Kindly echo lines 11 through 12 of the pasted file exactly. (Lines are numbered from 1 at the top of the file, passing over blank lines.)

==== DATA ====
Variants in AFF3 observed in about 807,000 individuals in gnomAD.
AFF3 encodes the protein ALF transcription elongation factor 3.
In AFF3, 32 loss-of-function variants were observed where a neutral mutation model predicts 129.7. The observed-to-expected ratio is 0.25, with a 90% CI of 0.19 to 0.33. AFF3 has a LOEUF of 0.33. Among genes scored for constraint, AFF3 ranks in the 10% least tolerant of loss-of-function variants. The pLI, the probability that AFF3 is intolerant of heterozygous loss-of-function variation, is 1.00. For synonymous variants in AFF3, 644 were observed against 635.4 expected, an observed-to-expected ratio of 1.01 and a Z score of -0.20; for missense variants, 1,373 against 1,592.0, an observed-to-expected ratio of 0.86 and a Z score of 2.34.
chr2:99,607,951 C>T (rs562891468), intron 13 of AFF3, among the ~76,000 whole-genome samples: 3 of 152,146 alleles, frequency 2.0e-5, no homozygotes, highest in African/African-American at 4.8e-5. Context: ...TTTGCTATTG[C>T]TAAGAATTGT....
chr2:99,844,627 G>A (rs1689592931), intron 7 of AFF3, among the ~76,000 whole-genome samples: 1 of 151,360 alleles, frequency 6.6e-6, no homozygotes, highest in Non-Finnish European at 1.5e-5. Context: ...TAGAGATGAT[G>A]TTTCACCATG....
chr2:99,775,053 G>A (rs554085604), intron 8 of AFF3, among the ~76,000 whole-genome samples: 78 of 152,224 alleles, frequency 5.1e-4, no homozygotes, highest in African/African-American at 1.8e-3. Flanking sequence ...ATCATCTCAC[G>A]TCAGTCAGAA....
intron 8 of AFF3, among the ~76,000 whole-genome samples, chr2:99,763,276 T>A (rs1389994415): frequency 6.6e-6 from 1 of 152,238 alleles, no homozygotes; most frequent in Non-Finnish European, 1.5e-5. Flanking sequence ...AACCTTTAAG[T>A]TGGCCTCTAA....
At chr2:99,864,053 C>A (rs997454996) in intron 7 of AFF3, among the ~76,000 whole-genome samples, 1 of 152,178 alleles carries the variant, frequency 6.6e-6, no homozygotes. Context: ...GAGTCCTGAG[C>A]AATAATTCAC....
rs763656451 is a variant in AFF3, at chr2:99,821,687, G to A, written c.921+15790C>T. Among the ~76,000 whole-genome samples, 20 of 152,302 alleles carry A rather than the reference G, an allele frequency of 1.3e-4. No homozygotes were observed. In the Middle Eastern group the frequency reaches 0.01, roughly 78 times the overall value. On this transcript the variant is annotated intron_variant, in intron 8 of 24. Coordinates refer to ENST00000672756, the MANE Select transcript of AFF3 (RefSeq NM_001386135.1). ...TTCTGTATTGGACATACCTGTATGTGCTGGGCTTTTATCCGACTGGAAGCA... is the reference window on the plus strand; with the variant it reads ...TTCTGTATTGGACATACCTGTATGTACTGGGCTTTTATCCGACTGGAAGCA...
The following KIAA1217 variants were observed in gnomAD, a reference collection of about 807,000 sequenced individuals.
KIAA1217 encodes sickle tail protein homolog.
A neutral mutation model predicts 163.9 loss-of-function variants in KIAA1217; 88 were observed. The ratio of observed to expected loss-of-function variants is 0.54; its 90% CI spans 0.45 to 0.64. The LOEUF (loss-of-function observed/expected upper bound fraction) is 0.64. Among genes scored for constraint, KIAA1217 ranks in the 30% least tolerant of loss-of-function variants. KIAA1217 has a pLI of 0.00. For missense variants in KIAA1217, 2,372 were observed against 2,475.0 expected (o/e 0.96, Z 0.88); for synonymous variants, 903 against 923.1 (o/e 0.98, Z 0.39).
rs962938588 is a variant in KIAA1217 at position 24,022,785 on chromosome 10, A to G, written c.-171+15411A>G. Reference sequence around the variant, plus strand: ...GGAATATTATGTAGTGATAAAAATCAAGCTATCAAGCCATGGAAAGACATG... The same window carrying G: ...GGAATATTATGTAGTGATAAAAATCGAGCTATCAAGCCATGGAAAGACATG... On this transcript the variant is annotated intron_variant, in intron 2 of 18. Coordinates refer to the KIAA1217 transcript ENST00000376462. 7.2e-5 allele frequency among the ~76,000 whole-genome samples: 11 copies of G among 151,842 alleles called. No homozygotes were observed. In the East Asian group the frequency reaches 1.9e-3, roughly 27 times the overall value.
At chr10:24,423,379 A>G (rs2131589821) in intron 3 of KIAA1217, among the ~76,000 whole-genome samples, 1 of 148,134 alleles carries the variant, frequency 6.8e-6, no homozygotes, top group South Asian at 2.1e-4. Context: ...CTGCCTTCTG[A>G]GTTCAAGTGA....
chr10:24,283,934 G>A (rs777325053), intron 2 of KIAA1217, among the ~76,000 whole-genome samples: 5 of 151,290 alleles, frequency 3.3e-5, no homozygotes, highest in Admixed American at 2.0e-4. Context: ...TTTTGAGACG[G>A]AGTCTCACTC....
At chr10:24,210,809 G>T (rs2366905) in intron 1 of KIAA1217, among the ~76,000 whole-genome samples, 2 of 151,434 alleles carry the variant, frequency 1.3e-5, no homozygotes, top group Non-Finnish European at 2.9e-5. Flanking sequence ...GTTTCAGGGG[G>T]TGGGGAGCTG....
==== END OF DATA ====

KIAA1217 encodes sickle tail protein homolog.
A neutral mutation model predicts 163.9 loss-of-function variants in KIAA1217; 88 were observed. The ratio of observed to expected loss-of-function variants is 0.54; its 90% CI spans 0.45 to 0.64. The LOEUF (loss-of-function observed/expected upper bound fraction) is 0.64. Among genes scored for constraint, KIAA1217 ranks in the 30% least tolerant of loss-of-function variants. KIAA1217 has a pLI of 0.00. For missense variants in KIAA1217, 2,372 were observed against 2,475.0 expected (o/e 0.96, Z 0.88); for synonymous variants, 903 against 923.1 (o/e 0.98, Z 0.39).